Text of an interview conducted by the Egyptian magazine Koll She’ Wel Donya (Everything and The World) with Turkey’s prime minister Mustafa Ismet Inunu, published on 11 March 1929
Seven years ago, when the Greek army was still in Izmir and Istanbul was still in the hands of the Allied Powers, the achievement of our national programme was a distant dream. People who were unaware of the true power of Turkey thought that we were insane to even have this dream. But thanks to the military genius of Mustafa Kemal (Ataturk) and his comrades, Turkey was able to keep its land and its sovereignty intact. What was a utopian dream seven years ago has turned into reality.
Now that Turkey has achieved its goals, will it start thinking of conquests, war or revenge?
After the achievement of our national programme we opted for peace. So I tell you, in all confidence, that the world peace will not be disturbed by us.
As a result of the achievement of our national goals, we have improved our relations with our neighbours. Greece was once our mortal enemy, but thanks to the Treaty of Lausanne, we have exchanged minorities, so that the number of Greeks in Turkey and the number of Turks in Greece has decreased. The exchange has involved great sacrifices, but it saved us from the prospect of continued hostility with Greek. I am confident that Greece has abandoned its earlier scheme — the scheme of expansion and of reviving the Byzantine Empire — it was a scheme that brought it nothing but grief.
As for us, we are satisfied with our current borders in the Balkans. I don’t think that any nation covets our land. We, on our part, intend with good faith to maintain the peace. We have a major economic programme and we know that war would bankrupt us and undermine this programme. There are still hundreds of thousands of Turks in Yugoslavia who are less than satisfied with their situation, and there are 800,000 Turks in Bulgaria, but we managed to keep good relations with both these countries, and also with Romania. There are no outstanding issues that need to be settled with these countries, aside from the transfer of people who wish to live in Turkey.
Our relations with Russia are also satisfactory. Both countries have signed an agreement calling for mutual respect of each country’s political institutions. Some members of the communist movement still dwell in Turkey, just as they do in other countries. But this is no cause for worry, for communist doctrines have no support among Turkish peasants and workers.
Our relations with Western nations are cordial and friendly. This doesn’t only go for countries such as Germany, Spain and the USA, with which we were never in war. It also goes for Italy, with whom we have a friendship agreement. And for France, which has since 1921 opened for us doors of understanding and friendship. We only wish to settle the differences between us regarding our rights in the province adjacent to the Syrian borders. The same goes for Great Britain, with which we settled the question of Mosul and other issues.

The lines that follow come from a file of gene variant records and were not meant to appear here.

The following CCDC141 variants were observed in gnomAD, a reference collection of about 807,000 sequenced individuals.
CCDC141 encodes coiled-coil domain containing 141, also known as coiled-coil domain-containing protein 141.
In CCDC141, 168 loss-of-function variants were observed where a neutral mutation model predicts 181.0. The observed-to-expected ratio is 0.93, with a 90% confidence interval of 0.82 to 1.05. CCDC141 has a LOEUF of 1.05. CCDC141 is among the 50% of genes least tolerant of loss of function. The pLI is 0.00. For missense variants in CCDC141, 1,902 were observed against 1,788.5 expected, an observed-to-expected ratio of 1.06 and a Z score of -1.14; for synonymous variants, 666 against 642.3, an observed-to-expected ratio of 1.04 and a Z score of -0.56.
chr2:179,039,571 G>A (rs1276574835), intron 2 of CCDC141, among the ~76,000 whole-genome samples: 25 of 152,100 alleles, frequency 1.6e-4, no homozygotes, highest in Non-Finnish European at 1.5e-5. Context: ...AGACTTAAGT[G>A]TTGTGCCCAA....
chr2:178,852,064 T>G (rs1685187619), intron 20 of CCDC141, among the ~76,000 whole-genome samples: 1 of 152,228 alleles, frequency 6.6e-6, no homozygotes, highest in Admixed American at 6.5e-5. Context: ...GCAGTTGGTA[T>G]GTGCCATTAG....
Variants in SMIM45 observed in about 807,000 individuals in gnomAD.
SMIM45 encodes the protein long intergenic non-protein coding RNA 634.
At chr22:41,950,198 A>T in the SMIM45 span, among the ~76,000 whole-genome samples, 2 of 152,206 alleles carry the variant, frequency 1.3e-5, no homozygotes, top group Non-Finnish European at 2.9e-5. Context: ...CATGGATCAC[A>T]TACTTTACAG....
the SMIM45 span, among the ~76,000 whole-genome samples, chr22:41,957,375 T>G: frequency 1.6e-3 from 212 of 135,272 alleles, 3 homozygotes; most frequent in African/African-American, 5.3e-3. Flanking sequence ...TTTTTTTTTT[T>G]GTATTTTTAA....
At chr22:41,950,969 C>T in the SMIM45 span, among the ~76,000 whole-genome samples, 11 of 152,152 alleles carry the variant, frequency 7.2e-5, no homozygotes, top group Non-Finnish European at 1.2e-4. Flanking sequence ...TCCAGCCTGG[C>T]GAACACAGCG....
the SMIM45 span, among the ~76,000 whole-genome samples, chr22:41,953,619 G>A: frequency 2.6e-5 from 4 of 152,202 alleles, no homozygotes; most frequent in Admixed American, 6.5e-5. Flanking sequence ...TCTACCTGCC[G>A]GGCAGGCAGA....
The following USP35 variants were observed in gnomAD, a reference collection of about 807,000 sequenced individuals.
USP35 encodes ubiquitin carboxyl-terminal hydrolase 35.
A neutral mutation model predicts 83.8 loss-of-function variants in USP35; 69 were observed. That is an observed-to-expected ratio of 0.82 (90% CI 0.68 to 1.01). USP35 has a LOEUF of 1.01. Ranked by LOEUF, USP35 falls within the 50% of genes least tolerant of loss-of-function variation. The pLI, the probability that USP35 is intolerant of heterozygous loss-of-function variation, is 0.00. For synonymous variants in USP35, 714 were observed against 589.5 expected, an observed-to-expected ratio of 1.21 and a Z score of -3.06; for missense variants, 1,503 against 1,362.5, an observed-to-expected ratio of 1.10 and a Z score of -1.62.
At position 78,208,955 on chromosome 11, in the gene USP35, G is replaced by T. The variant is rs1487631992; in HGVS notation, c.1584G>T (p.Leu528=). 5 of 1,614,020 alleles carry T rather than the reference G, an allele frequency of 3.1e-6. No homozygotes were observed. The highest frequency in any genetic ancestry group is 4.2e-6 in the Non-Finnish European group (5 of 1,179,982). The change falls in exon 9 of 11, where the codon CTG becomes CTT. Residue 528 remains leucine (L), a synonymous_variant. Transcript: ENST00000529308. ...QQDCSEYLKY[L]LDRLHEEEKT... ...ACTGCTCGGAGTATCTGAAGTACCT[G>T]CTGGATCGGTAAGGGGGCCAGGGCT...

Our political and diplomatic position is, some argue, sickly. But no one can say the same about our economic and financial situation. Our country is fertile, and yet the Anatolian plateau is subject to harsh weather and the land is hard to cultivate. We hope to increase crop production through improving the means of irrigation and cultivation. To do so, we will need money.
Obviously, we can borrow from other countries, but this is not what we intend to do. We do not wish to add to our budget the burden of servicing foreign debts. We prefer, instead, to carry out reforms that pay for their own costs. This is a slow method, for it postpones profit and delays the increase in income. But it is better for us to endure poverty and privation than to place the burden of debts on future generations and thus imperil the future of our country. We must keep history in mind, for foreign debts have always been used to subjugate us, politically and economically.
Balancing the budget is hard work. The servicing of debts takes up two million pounds of our budget, or almost 10 per cent of the total. Then the army takes up 37 per cent — an army of 150,000 men.
Some may say that these figures are high for a country with only 14 million. But we must understand that we need a strong army to keep order in the country and protect the borders. We cannot leave our country unprotected. Also, the money we spend on the army is spent inside the country and so it serves to stimulate commerce and industry.
There is also the question of industry. Our nation is mostly made up of peasants, and we need to turn it into something of an industrial nation. The improvement of agriculture and the growth of industry will both have a good impact on our trade with foreign nations.
Slowly but surely we will be able to support ourselves. President Mustafa Kemal expects Turkey to become, in 25 years, a nation of 25 million people. This is the size of population that our land can support. We can generally say that the living standards are rising among the Turks and that we have no jobless among us.
Our position on resident non-Turks is a cordial one, and we wish that this cordiality be reciprocated. In general, we may say that we wish to have strong relations with other countries while maintaining our public morality and our political and economic sovereignty intact.
We are now free people living in the Turkish part of the former Turkish Sultanate (Ottoman Empire). And we are eager — more so than any other nation — to maintain peace. Our only goal is to raise the living standards of the population.
We have accomplished a lot, but there is a lot more to accomplish. This is why we wish above all to have peace. Peace with dignity is better than the glory of wars.